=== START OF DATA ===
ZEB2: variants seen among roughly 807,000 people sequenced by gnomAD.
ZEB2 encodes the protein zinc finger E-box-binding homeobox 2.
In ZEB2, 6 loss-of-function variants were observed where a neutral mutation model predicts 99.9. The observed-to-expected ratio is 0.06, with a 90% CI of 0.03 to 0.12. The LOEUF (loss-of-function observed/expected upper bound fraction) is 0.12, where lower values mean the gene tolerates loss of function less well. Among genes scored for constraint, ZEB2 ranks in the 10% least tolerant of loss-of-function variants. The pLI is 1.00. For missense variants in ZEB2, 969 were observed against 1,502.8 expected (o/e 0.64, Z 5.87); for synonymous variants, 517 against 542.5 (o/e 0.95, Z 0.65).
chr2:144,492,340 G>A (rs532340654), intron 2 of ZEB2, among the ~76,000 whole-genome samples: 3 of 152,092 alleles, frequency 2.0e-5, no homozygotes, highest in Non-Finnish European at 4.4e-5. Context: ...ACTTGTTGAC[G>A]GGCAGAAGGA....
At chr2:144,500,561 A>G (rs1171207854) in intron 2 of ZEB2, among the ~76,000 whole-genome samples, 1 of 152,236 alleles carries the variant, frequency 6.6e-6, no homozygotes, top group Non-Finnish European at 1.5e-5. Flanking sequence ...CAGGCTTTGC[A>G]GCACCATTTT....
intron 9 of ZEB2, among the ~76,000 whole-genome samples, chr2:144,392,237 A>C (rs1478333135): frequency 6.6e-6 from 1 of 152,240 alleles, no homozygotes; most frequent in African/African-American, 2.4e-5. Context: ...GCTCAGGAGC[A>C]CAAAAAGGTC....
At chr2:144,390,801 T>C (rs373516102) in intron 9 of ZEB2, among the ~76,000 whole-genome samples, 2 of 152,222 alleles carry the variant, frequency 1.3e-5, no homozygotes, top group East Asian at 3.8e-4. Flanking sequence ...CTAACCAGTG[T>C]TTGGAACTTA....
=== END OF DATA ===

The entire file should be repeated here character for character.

ZEB2: variants seen among roughly 807,000 people sequenced by gnomAD.
ZEB2 encodes the protein zinc finger E-box-binding homeobox 2.
In ZEB2, 6 loss-of-function variants were observed where a neutral mutation model predicts 99.9. The observed-to-expected ratio is 0.06, with a 90% CI of 0.03 to 0.12. The LOEUF (loss-of-function observed/expected upper bound fraction) is 0.12, where lower values mean the gene tolerates loss of function less well. Among genes scored for constraint, ZEB2 ranks in the 10% least tolerant of loss-of-function variants. The pLI is 1.00. For missense variants in ZEB2, 969 were observed against 1,502.8 expected (o/e 0.64, Z 5.87); for synonymous variants, 517 against 542.5 (o/e 0.95, Z 0.65).
chr2:144,492,340 G>A (rs532340654), intron 2 of ZEB2, among the ~76,000 whole-genome samples: 3 of 152,092 alleles, frequency 2.0e-5, no homozygotes, highest in Non-Finnish European at 4.4e-5. Context: ...ACTTGTTGAC[G>A]GGCAGAAGGA....
At chr2:144,500,561 A>G (rs1171207854) in intron 2 of ZEB2, among the ~76,000 whole-genome samples, 1 of 152,236 alleles carries the variant, frequency 6.6e-6, no homozygotes, top group Non-Finnish European at 1.5e-5. Flanking sequence ...CAGGCTTTGC[A>G]GCACCATTTT....
intron 9 of ZEB2, among the ~76,000 whole-genome samples, chr2:144,392,237 A>C (rs1478333135): frequency 6.6e-6 from 1 of 152,240 alleles, no homozygotes; most frequent in African/African-American, 2.4e-5. Context: ...GCTCAGGAGC[A>C]CAAAAAGGTC....
At chr2:144,390,801 T>C (rs373516102) in intron 9 of ZEB2, among the ~76,000 whole-genome samples, 2 of 152,222 alleles carry the variant, frequency 1.3e-5, no homozygotes, top group East Asian at 3.8e-4. Flanking sequence ...CTAACCAGTG[T>C]TTGGAACTTA....